Whether you’re talking to someone in Brazil, or you’ve got a few friends from Portugal you’d love to chat with in their native language, we’re about to cover what might just be the essential conversation starter: a simple hello.
There are lots of different ways to say “Hello,” “Hi” and “How are you?” in Portuguese, and I’m here to teach you all of them.
Naturally, we want you to feel confident with other greetings so you can have some authentic language exchanges. So, before we Gays Tryst hookup teach you the basics, here are a few tips that’ll help you throughout your studies.
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If you want to revise your “hellos,” “goodbyes” and “how are yous” before you practice with another person, here are our top recommendations:
If you want to memorize these essential words and phrases, flashcards are really good option. Getting started is quite easy too: this collection from Quizlet will point you in the right direction, otherwise just power up an app like Anki to create your own.
Even at the most basic level, testing your knowledge on a regular basis will help you learn and assess your strengths and weaknesses.
You could enter each greeting through an online dictionary like Forvo or Linguee to hear it spoken in the dialect you’re learning. Play it back a few times and repeat it back to yourself; this allows you to practice your Portuguese pronunciation as much as it helps you commit your greetings to memory.
Another way to test your knowledge is through online games. For instance, Digital Dialects has one for basic phrases in Brazilian and European Portuguese that covers essential greetings and allows you to listen to audio.
If you’re feeling a bit shy, start with some online interactions. You can easily connect with Portuguese speakers through language exchange apps like HelloTalk or Speaky.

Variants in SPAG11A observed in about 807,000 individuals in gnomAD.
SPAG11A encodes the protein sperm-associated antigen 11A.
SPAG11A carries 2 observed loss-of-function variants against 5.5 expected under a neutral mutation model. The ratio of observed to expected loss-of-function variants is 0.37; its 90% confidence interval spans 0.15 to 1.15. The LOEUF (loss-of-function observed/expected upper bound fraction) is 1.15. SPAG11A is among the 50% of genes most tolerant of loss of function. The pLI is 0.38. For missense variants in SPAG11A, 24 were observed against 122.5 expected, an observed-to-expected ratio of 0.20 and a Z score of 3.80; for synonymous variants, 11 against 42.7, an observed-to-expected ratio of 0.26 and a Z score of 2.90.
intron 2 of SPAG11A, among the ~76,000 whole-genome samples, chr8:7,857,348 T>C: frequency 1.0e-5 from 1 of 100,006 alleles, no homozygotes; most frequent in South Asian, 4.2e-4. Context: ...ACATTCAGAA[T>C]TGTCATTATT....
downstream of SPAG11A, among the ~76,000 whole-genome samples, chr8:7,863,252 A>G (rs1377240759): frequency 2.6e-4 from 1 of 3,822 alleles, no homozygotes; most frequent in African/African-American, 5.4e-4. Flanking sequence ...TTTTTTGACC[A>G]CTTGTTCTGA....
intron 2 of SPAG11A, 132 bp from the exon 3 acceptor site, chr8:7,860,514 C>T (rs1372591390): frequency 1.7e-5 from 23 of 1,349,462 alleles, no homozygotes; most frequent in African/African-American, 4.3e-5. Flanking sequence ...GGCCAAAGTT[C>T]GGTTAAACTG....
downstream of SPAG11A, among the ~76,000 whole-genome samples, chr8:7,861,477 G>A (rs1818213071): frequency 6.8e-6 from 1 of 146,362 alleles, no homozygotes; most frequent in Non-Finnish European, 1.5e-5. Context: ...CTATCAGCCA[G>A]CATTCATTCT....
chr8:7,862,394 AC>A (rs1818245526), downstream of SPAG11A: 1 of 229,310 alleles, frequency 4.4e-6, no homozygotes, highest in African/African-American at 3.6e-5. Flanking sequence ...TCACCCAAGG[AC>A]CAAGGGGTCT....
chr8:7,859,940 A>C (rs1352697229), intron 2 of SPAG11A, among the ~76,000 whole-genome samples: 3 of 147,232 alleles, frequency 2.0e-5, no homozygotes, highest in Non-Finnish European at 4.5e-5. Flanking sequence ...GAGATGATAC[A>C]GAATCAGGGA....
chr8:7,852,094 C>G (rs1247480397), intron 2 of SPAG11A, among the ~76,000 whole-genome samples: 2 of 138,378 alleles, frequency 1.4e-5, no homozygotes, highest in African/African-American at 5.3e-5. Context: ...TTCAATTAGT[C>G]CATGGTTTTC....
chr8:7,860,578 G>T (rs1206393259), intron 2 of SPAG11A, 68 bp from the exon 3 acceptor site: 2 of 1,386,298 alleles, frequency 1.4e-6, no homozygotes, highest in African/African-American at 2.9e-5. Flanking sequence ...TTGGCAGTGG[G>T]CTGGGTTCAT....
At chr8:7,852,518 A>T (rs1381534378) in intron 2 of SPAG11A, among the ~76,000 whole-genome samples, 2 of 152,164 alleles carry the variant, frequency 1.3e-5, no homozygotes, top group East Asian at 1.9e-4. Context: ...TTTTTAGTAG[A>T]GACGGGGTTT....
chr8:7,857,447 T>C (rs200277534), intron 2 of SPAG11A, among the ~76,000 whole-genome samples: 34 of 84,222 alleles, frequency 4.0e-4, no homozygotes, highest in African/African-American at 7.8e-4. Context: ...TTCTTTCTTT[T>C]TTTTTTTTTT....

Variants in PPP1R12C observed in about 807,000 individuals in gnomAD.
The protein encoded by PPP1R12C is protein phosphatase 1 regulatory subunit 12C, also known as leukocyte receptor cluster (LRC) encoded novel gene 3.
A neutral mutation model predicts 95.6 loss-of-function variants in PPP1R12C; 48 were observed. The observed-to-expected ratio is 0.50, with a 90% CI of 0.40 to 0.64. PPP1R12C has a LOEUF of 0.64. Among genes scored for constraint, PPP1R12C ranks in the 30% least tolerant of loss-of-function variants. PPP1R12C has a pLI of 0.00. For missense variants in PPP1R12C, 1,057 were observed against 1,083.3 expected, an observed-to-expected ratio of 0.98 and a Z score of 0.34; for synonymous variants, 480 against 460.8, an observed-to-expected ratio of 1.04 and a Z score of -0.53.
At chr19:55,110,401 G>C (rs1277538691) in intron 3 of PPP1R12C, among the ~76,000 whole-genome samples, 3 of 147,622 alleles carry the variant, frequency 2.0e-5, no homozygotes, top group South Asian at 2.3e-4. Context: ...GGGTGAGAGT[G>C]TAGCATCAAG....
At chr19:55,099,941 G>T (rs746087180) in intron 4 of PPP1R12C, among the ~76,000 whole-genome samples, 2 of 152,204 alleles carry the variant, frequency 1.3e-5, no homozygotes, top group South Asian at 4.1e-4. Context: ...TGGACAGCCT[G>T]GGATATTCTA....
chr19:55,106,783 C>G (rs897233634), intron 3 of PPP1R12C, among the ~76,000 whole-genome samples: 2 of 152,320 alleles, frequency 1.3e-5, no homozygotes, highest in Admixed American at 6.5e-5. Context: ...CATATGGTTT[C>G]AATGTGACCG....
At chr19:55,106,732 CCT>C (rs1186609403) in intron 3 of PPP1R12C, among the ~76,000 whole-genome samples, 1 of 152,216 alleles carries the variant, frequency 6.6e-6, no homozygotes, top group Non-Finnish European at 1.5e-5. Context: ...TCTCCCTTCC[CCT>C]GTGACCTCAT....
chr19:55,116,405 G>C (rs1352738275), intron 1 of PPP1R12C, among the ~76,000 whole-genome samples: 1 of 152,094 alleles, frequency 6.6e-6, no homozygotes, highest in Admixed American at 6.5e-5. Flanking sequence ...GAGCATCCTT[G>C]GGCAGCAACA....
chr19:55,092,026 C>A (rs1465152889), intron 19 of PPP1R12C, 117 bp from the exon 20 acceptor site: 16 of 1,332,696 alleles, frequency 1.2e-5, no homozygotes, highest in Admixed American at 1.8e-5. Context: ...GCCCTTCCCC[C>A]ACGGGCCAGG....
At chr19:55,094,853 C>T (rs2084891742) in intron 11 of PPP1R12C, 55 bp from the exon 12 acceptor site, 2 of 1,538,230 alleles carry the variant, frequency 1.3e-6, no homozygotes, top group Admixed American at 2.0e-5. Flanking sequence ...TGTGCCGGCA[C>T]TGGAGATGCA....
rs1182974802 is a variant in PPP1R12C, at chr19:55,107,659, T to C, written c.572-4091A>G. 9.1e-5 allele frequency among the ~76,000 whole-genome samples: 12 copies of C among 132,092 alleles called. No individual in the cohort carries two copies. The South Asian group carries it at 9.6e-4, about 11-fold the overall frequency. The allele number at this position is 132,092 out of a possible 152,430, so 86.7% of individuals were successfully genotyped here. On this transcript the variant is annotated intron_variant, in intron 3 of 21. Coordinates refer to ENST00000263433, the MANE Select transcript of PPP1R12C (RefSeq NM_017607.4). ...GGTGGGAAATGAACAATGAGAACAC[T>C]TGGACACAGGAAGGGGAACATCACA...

For offline exchanges, social media can offer some good leads: you could look for Facebook groups for Portuguese speakers and learners in your area and ask them if there are any exchange meetups coming up. You could even offer to organize your own! Otherwise, take a look at Meetup and see if there are any Portuguese language exchanges happening near you.
Wherever possible, we’ve included audio links for the words or phrases listed below; just click on them to hear them in the dialect you’re learning.
Used by European and Brazilian Portuguese speakers alike, Ola is a slightly more formal way of saying hello, and the safest option when you’re greeting someone you don’t know very well.
How to respond: A simple Ola back to the person will suffice. You can also say hello and immediately ask the other person how they are-the phrases you’ll need in order to do this will be covered later in this post.
A casual, informal way to say “hi” in Portuguese. It’s primarily used in Brazil, but you’ll sometimes hear it in Portugal too.
A common, slightly more formal way to greet people in Portugal: Viva, amigos! would be like saying “hello, my friends.” The word viva is literally translated as “live” or “long live” (as in “long live the king”- viva o rei), but the Portuguese use it as a way to wish good health to the person being greeted.